UPS Offers Shareholders 18 Years of Rising Dividend Distributions (UPS)

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rising dividend

Back in November of 1999, the United Parcel Service (NYSE: UPS) declared its initial quarterly distribution, and in the 18 years since then, the company has never failed to pay a rising dividend.

Over the past five years, UPS’ rising dividend payments managed to outpace the company’s robust asset appreciation, which has maintained a steady growth trend since the aftermath of the 2008 financial crisis. As a result, the current 3% dividend yield exceeds the five-year yield average by more than 8%.

Except for the share price decline in 2008, the company has proven itself a reliable source of capital growth and rising dividend income, with minimal volatility to be found in its trading history. Current financial results for UPS show no warning signs of a disruptive impact or major headwind for the share price. Moreover, the company has beaten analysts’ earnings expectations in the past three consecutive quarters.


UPS has not yet declared an ex-dividend date for its upcoming distribution, but the company historically goes “ex” in the middle of August and sets the pay date in early September. No change is expected in the quarterly payout amount, which currently sits at $0.91 per share.

rising dividend

United Parcel Service, (NYSE:UPS)

Headquartered in Atlanta, Georgia and founded in 1907, the United Parcel Service, Inc. provides letter and package delivery, specialized transportation, logistics and financial services. The company operates through three business segments — U.S. Domestic Package, International Package and Supply Chain & Freight. The U.S. Domestic Package segment offers time-definite delivery of letters, documents, small packages and palletized freight through air and ground services in the United States. The International Package segment provides guaranteed day and time-definite international shipping services in international markets. This segment offers guaranteed time-definite express options, including Express Plus, Express and Express Saver. Lastly, the Supply Chain & Freight segment provides international air and ocean freight forwarding, customs and truckload freight brokerage, warehousing, distribution, mail and consulting services in approximately 220 countries and territories. Additionally, this segment provides less-than-truckload (LTL) and truckload services to customers in North America.

In support of its freight and logistics operations, UPS also offers shipping, visibility and billing technologies, as well as insurance, financing and payment services. As of May 2018, the company operated more than 1,800 facilities, a ground fleet of approximately 120,000 package cars, vans, tractors and motorcycles, including more than 9,000 alternative fuel and advanced technology vehicles. The company’s air fleet comprises of 244 wholly-owned aircraft, as well as an additional 320 aircraft chartered or leased on a short-term basis.

UPS began the trailing 12-month period by spiking more than 20% to a 52-week high of $134.09, which it reached on January 21, 2018. However, after that spike, the share price fell close to 25% and went into negative territory. The March 23 low of $101.66 effectively erased all gains over the past two years. However, the share price recovered quickly and returned to its levels from one year earlier in just one month. Currently, UPS trades close to $120 a share, or just 11% short of the January peak, 8.3% higher than of was one year earlier and 17.4% above the March 2018 low.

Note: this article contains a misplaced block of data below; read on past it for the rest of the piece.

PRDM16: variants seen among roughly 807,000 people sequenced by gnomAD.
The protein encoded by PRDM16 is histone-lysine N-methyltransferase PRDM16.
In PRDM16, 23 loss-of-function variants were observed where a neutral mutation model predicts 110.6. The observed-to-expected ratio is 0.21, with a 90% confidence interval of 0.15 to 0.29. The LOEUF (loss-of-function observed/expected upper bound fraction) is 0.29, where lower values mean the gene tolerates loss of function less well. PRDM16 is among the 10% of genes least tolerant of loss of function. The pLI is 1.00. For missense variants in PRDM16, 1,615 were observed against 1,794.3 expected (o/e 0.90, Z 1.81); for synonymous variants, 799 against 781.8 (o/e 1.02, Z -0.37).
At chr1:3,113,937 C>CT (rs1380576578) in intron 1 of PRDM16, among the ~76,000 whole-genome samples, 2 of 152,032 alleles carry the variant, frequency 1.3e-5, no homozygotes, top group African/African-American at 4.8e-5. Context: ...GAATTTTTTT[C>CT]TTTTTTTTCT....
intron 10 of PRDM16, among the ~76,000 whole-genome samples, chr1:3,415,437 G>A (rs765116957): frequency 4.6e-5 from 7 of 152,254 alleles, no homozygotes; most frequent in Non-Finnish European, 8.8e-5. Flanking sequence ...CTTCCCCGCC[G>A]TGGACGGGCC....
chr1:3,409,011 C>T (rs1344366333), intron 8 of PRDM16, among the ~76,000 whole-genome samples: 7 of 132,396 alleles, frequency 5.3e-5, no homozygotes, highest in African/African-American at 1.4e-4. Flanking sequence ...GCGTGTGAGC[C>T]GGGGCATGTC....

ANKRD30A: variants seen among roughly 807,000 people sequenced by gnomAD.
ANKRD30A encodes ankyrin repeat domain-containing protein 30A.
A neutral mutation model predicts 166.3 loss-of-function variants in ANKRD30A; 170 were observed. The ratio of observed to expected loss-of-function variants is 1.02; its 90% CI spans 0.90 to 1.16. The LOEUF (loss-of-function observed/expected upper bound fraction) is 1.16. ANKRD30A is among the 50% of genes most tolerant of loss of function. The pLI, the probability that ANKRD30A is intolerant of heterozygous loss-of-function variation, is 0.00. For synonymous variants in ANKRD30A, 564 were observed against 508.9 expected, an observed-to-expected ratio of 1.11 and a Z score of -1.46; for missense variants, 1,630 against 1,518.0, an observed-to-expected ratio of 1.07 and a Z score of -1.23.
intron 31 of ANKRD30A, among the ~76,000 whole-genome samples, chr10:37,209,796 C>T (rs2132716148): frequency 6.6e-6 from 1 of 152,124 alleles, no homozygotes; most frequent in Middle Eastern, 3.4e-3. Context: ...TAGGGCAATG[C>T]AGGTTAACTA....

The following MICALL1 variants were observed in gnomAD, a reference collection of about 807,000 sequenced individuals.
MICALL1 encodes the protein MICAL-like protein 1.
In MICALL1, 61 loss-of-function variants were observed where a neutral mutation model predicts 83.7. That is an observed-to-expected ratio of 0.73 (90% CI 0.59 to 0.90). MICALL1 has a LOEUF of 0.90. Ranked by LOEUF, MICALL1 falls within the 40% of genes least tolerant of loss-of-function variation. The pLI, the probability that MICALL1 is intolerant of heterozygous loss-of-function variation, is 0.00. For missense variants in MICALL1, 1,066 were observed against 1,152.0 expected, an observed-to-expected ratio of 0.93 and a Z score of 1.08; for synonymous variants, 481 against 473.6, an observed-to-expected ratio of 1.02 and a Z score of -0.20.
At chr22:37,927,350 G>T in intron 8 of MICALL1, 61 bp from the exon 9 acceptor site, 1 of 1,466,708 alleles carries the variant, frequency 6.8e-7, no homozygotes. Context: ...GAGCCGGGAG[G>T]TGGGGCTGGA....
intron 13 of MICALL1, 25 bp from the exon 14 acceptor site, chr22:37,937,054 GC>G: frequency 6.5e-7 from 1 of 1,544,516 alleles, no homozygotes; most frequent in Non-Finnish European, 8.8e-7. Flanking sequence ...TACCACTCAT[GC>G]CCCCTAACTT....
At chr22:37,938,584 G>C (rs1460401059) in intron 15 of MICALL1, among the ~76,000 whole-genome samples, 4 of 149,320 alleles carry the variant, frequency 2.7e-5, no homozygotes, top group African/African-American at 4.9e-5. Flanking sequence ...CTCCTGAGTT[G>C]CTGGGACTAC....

This time last year, UPS was paying an $0.83 per share distribution every quarter, which makes the current $0.91 quarterly dividend 9.6% higher. The current 3% yield is almost 9% higher than the company’s 2.8% average yield over the past five years, as well as almost 60% above the 1.92% simple average yield of the entire Services sector.

It should be noted, though, that the Services sector is quite diversified. Therefore, I believe a comparison of UPS to its industry peers gives a better indicator of yield performance. So, as the highest yield in the Air Delivery & Freight Services industry segment, UPS’ current yield is almost triple the average yield of all companies in the segment, and 77% higher than the average yield of the sector’s dividend-paying companies.

The last 18 years have seen UPS advance its total annual dividend amount by 435%, which is equivalent to an average growth rate of almost 10% every year. This rising dividend combined with the company’s asset appreciation meant that shareholders saw a total return of nearly 12% over the past year and a 26.6% total return over the past three years. The total return over the past five years was 55.5%.

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Ned Piplovic

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Ned Piplovic
Ned Piplovic, formerly an assistant editor of website content at Eagle Financial Publications, is an economic analyst and editor at Skousen Publishing. Additionally, Ned is also a teaching assistant at Chapman University to Mark Skousen, PhD, a free-market economist and Doti-Spogli Endowed Chair of Free Enterprise at the school. Ned graduated from Columbia University with a bachelor’s degree in Economics and Philosophy. He previously spent 15 years in corporate operations and financial management. Ned has written hundreds of articles for and
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